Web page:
01:04:08 - BERNARDO: May I ask another question, I got curious now.

PEDRO: I have one. Where did that bag go?

((everybody talking at the same time))

BERNARDO: Let me just ask another quick question, but it’s a controversial subject, and if you don’t feel like answering, if you don’t find it valid. How did the drug thing work back then, there was this romantic view that drugs were part of the creative process?

LUIZ HERNESTO: Yes, there was this romantic notion, because nowadays there are different kind of drugs, ecstasy, crack, back then the acid thing had a whole kind of mystic side to it, of getting visions, that Castañeda, that you’d have revelations, so there really was a romantic side to it, that drugs weren’t just about escaping, it was something that could provide inspiration, or contact with different dimensions, so there was a romantic side to it.

BERNARDO: Can you say if it really, somehow, worked for better or for worse in the creative process?

LUIZ HERNESTO: I think that depends on each person, there’s no general form, I think some people ended up having it badly, we can’t think it was all great, it wasn’t. There were times here, after Gerchman, at these shows, for example, a guy fell from there, and he died because he was tripping, so there was also a bad side, that guy I mentioned, Valdo, he had mental problems, but he had a lot of drug related problems as well. There was a romantic side, but there was also the side of people who lost themselves in it, which was awful.

* N da T: tive a impressão de que essa fala foi uma resposta do Luiz Hernesto.


BERNARDO: Tell me how did you entered the scene at Parque Lage, inside that forest?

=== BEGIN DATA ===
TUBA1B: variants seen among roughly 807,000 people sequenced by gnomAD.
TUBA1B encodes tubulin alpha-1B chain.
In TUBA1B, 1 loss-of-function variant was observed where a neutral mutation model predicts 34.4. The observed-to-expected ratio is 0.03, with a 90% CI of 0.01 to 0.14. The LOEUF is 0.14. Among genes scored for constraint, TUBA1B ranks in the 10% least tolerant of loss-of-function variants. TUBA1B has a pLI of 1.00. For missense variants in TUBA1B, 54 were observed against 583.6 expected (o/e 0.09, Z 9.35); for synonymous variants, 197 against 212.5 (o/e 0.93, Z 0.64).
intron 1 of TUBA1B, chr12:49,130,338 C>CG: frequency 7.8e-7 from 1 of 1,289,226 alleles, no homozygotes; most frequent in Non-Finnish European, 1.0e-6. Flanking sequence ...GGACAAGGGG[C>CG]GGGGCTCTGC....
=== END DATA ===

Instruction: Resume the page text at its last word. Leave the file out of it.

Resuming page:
ROSA MAGALHÃES: I entered the scene there? No, this is how I entered... I was invited to teach there, and I accepted. And then I started teaching Drawing, I think. Then I taught Color, then Dressing. I was always switching... They’d ask, I’d say “I’ll switch”. Because in Fundão you were like a chess piece, you kept moving around... I was in the department of Applied Arts. And Parque Lage was amazing, because once you get there you tune out of the world. It was an oasis, and that was a time when courses were free. So, we had major attendance, sometimes we had to close it, say “look, I can fit any more people”. Then they changed that policy, I don’t know why, what was... because I believe the more art courses, the better. And what I think Gerchman had of most advanced in that teaching area, which I believe was a little intuitive, was that he made no pre judgments. So, if there was someone teaching only how to draw mugs and cups, then there must be people who want to learn how to draw mugs and cups. So I even said it to a friend of mine, I think if somebody shows up here saying they decorate cakes, he will find it interesting. Because there will be people interested in that. I think it’s about keeping an open mind, without establishing any judgment criteria. You don’t judge. And there was a really funny class, which is what people still do at some places that, well, it’s everyone together doing the most distinct things, one draws, the other paints, the other cuts, the other glues it, etc. All together, teaching together. It was really funny. Because he said today instead of me teaching this class, everyone had to go outside to the pool. And that’s what they did, it was Parque Lage’s anniversary. So it was a really interactive lesson, really crazy, it’s a nice mess at the end of the day, because you ended up checking what others were doing as well. But I believe that is also a new concept. So I think he was a little ahead of his time, and people didn’t retort. Nobody questioned it, “but what is this? Everyone together? it will be fun, let’s go”. And there were many happenings as well, it was moments like these. So that was also part of our day to day, our questionings, our search. I think it was more alive. Maybe for the political view, people were a little, at the same time they were scared, they were curious. It’s a little dubious position, and all that was new was interesting, I think there was this great thing about being opened. Because there was no label, it wasn’t considered good, bad, more or less, that was old fashioned. There wasn’t label verbiage. And you don’t know who is going to stand out and who won’t, you can’t judge these people.

BERNARDO: And how was that experience for you? And when you continued, you were already teaching at the University, as you mentioned. How was it for you, as a teacher, to employ a method at a stage where you already had experience in Linear Methodology.